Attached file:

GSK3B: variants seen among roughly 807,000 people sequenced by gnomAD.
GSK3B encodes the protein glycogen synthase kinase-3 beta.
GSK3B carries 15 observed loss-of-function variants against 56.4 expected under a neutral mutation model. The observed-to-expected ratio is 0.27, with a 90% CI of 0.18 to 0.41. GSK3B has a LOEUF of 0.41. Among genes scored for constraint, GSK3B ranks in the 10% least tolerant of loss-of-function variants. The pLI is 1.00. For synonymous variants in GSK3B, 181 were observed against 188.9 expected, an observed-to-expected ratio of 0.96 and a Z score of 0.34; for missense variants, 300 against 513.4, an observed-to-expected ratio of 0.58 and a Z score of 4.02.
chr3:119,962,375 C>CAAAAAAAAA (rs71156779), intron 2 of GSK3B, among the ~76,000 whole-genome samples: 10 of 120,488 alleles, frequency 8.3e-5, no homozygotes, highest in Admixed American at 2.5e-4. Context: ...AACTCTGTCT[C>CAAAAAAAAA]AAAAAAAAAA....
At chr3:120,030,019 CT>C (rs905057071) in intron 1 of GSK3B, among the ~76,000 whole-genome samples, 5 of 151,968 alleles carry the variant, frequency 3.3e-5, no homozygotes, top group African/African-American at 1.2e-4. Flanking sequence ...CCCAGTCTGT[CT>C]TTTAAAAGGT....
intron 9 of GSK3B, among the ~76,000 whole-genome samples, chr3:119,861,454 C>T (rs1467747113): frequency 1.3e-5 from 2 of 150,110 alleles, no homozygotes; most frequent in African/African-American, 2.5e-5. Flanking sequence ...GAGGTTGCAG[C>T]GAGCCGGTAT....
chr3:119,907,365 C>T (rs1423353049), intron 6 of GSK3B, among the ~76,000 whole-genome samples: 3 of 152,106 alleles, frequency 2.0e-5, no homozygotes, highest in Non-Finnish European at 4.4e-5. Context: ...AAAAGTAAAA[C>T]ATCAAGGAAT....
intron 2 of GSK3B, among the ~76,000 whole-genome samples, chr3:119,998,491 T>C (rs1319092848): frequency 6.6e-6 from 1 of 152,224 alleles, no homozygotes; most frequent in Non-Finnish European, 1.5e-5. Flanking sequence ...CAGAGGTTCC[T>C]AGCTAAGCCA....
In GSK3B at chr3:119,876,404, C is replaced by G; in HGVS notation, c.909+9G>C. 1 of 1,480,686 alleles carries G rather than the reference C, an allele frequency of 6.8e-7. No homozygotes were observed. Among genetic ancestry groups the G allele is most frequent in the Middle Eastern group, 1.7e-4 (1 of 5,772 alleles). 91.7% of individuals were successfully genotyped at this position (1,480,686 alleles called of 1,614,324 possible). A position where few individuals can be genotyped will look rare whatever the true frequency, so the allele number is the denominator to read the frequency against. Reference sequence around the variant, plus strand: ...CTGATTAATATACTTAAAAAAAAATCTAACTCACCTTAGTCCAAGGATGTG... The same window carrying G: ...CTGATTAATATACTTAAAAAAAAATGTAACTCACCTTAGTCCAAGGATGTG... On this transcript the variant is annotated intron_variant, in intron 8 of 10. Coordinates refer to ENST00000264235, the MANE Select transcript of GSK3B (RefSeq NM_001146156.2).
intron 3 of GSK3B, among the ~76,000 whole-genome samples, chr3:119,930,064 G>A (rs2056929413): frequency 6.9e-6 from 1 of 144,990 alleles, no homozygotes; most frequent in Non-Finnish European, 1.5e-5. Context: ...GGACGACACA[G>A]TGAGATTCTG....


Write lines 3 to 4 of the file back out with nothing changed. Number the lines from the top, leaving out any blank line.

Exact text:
GSK3B carries 15 observed loss-of-function variants against 56.4 expected under a neutral mutation model. The observed-to-expected ratio is 0.27, with a 90% CI of 0.18 to 0.41. GSK3B has a LOEUF of 0.41. Among genes scored for constraint, GSK3B ranks in the 10% least tolerant of loss-of-function variants. The pLI is 1.00. For synonymous variants in GSK3B, 181 were observed against 188.9 expected, an observed-to-expected ratio of 0.96 and a Z score of 0.34; for missense variants, 300 against 513.4, an observed-to-expected ratio of 0.58 and a Z score of 4.02.
chr3:119,962,375 C>CAAAAAAAAA (rs71156779), intron 2 of GSK3B, among the ~76,000 whole-genome samples: 10 of 120,488 alleles, frequency 8.3e-5, no homozygotes, highest in Admixed American at 2.5e-4. Context: ...AACTCTGTCT[C>CAAAAAAAAA]AAAAAAAAAA....